Galaxy S9's AR Emoji weird me out

Commentary: Somewhere between Nintendo's Mii and Apple's animoji lies the Galaxy S9's odd approach to social.

Scott Stein Editor at Large
I started with CNET reviewing laptops in 2009. Now I explore wearable tech, VR/AR, tablets, gaming and future/emerging trends in our changing world. Other obsessions include magic, immersive theater, puzzles, board games, cooking, improv and the New York Jets. My background includes an MFA in theater which I apply to thinking about immersive experiences of the future.
Expertise VR and AR | Gaming | Metaverse technologies | Wearable tech | Tablets Credentials
  • Nearly 20 years writing about tech, and over a decade reviewing wearable tech, VR, and AR products and apps
Scott Stein
4 min read
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The first time I tried Samsung's new AR Emoji feature on a Galaxy S9, launched earlier this week at Mobile World Congress, I thought I knew what to expect. I smiled, and the camera app's new feature scanned my face, taking a picture. And then, sure enough, it spat out my new avatar.

But it didn't look like me.

Aiming to compete with Apple's iPhone X animojis, the Galaxy S9's AR Emoji feature is a "fun" use of augmented reality that just feels stale. It wasn't all that good at recognizing me, or at animating me. In the end, it wasn't as good as an avatar creator like the Bitmoji app, or as an AR toy.

Maybe, with more time with the phone in the future, I'd get used to them. But my first attempts were pretty rough.

The Galaxy S9 autogenerates a GIF collection with your new face.

Scott Stein/CNET

Hello, Samsung avatar me

My AR emoji has tall hair, and face stubble. It looks more like a former colleague of mine than it does me. And it doesn't even come with glasses: I have to add them myself from one of three options. I look... thinner, airbrushed and cartoon-generic.

I shared my emoji on Twitter , and rapidly realized that I wasn't the only one who looked like this. In fact, suddenly, it seemed like I had a whole family of identical white, glasses-wearing AR Emoji siblings.

So, I guess I could also customize the avatar, change clothing, alter features, like a Mii or Bitmoji or any of the other ways to do this. I was excited that somehow Samsung would just figure it out automagically.

I've done this many times before: I spent at least an hour in the mid-2000s making my first Mii on the Nintendo Wii, customizing little cartoon features into an astonishingly flexible array of options. Same too for Microsoft 's Xbox 360 avatars. I made a virtual version of myself in Oculus last year that doesn't really look like me. I can make a Scott-avatar in Bitmoji, too, but it's not automatic and doesn't use facial recognition yet.

But facial recognition on AR Emoji only got me so far.

Creepy face

Then I started trying to animate my new artificial me with my own face, and things started feeling wrong. I mean, the Galaxy S9 can recognize my face, and can turn my facial movement into emoji movement. Like Apple's animojis, I can record a clip puppeting myself in AR Emoji.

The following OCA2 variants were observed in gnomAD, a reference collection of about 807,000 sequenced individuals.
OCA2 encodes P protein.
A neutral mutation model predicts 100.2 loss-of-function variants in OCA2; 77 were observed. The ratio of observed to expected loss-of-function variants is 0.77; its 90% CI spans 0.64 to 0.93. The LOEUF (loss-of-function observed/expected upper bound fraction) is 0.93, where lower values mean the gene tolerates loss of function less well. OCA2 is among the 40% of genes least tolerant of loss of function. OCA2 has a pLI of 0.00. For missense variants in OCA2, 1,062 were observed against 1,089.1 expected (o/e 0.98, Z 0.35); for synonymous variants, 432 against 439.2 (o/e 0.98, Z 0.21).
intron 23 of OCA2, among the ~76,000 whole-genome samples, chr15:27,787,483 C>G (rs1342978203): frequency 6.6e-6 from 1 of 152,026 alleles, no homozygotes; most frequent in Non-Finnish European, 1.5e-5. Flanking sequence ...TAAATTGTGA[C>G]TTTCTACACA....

The level of facial recognition feels way off though. My smiles wouldn't register. My blinks came out jittery. My whole face, as Jessica Dolcourt also noted, felt botoxed.

It's free (if you get the phone), so stop stressing out, right? But it's not particularly charming. Everyone I showed my video to got weirded out. I looked smarmy. I couldn't get rid of what looked like an odd smirk. I wasn't even smiling.

Maybe it's that AR Emoji tries to make my face feel more real, like a virtual Scott. Apple's animojis, perhaps smartly, use a small collection of nonhuman animals, robots and poop. My mind isn't as attentive to how realistically a poop smiles. But I know how people do.

Or maybe that isn't quite it, either. There are nonhuman characters I can facially animate in Samsung's AR Emoji app: a bunny, or a blue square bear-thing. Those are far more fun. I'm less creeped out. I can't explain why, but I'd rather see a quirky, oddly blinking bunny than a quirky, oddly blinking me.

The app can work with the front and rear cameras, so you could even have a friend across from you puppet your face for you (as I did on a live segment on Cheddar). But, either way, it didn't work well enough that I'd want to do it much more than once or twice.

Uncanny valley or imperfect facial tracking, or is it just me?

Snapchat has no problem with insane facial puppeting using all sorts of tricks. Samsung's AR Emoji is a pale shadow of that. Also, I'm far more excited about the prospects of Google's ARCore, which will work on the Samsung Galaxy S9. It's not clear, however, whether ARCore will eventually apply to front-facing camera AR for selfie shots.

To be sure, Samsung could update AR Emoji and improve its abilities in future updates. (I reached out to Samsung but didn't immediately hear back.) The assumption here is it will get better... but how much better? 

I've seen far better AR than what AR Emoji is offering. But even if Samsung's emoji were absolutely perfect, and its face-generating tool spot-on, I'm not sure I'd use it all that much, either.

Despite Apple's iPhone X animojis being charming, I don't even really care about those, either. I'm fickle when it comes to novelty face filters. I play with them and discard them. AR Emoji is significantly less exciting. I'd pick Snapchat, or any other face filter, first. AR Emoji isn't a reason to get a phone: I already have apps for that. The Galaxy S9 looks like excellent hardware. But, when it comes to camera novelties, I'd stick with ones that actually transform what I'm shooting... not animojifying my face.

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